So if you want to free yourself from suffering, which means freeing yourself from your ego-mind so that you can return home to the purity and peace of your true Buddha nature, meditation is an essential part of the process.
And given the power of the ego-mind, its deeply rooted existence in our being, and the challenges it brings every day to staying on our spiritual path rather than falling off, it is critically important to every day reconfirm the intent of our spiritual practice, to see things as they really are, and go deep within as best we can through the process of formal meditation.
Only through the daily process of watering our spiritual roots and thereby refreshing our faith do we have the ability, no even the chance, of being mindful throughout the day and standing up to the efforts of our ego-mind to pull us into its vortex. Even then it is no easy matter.
For some reason, I find that in many temples and other spiritual settings, the importance of daily meditation is not stressed. The only reason why I assume this is the case is that so many people find it difficult or inconvenient to meditate daily and so it isn’t pushed. Just like most aspects of the teaching are presented but not pushed. Teachers don’t want people to be discouraged from their practice and so they back off challenging them.
However, given the difficulty of the task before us when we choose to walk the path of Buddhism, the old 12-step saying, “half measures avail us nothing,” I think applies. In the Zen tradition that is my background, we were taught the importance of discipline and commitment. You are attempting to change the paradigms of your life, your habit- energies that have developed over a lifetime; no easy matter. And so we were pushed; we were challenged. I believe that is the only way to make real progress.
In so saying, it is important to remember that there is no such thing as “failure” in the Buddhist vocabulary. The importance is having the Right intent. All one can do is the best one can. And continue trying.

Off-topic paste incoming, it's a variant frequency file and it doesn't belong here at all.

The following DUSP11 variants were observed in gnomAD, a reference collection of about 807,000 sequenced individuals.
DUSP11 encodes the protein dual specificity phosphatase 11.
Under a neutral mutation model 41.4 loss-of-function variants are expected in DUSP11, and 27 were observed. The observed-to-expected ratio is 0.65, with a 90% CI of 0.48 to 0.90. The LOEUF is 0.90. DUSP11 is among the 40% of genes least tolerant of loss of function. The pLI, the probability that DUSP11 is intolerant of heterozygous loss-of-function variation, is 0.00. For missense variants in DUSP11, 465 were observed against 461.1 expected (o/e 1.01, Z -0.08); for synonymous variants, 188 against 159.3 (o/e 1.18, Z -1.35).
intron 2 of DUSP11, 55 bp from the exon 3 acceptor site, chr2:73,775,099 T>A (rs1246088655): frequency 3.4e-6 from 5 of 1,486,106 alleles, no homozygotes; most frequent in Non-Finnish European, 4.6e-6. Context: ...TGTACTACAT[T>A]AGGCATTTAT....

I am convinced that if teachers have faith in the ability of sangha members to walk the path, and show their faith through their teaching and compassion, then the sangha members will come to feel that faith in themselves.
Actually, compared to most other aspects of walking the path, daily meditation is perhaps the easiest to incorporate into your life (in its basic form, not its quality) and most subject to the control of the practitioner. It is one thing to say that every morning after you awake you are going to sit for 20 minutes to meditate regardless where you are or what is going on in your life, and quite another to say that you will not allow anger and fear, for example, to take hold of you.
As anyone reading my posts knows, I have certainly had, and continue to have (although to a far lesser extent), my challenges walking the path and not being subverted by my ego-mind. Yet I have had no problem whatsoever keeping to my commitment to meditate every day and have not missed a day no matter where I’ve been or what’s been going on in my life for 20+ years. That has been key to the deepening of my practice and my spiritual growth.
And so I offer myself as an example of what an ordinary human being, with a pretty messy life history and all the emotional pulls and cravings that go with it, can do if one believes in the Buddha dharma, is committed, and disciplined. But one must be patient.
Changing from a creature of our culture to a committed Buddhist is not an overnight thing. You will experience changes, more peace and happiness, even in the beginning. You will have moments where you experience what it could be like 24/7. But your ego-mind is powerful. Weaning yourself away from your emotions and cravings and strengthening your ties to your heart and true Buddha nature will take time.
Take heart. Keep the faith. And be disciplined in your practice.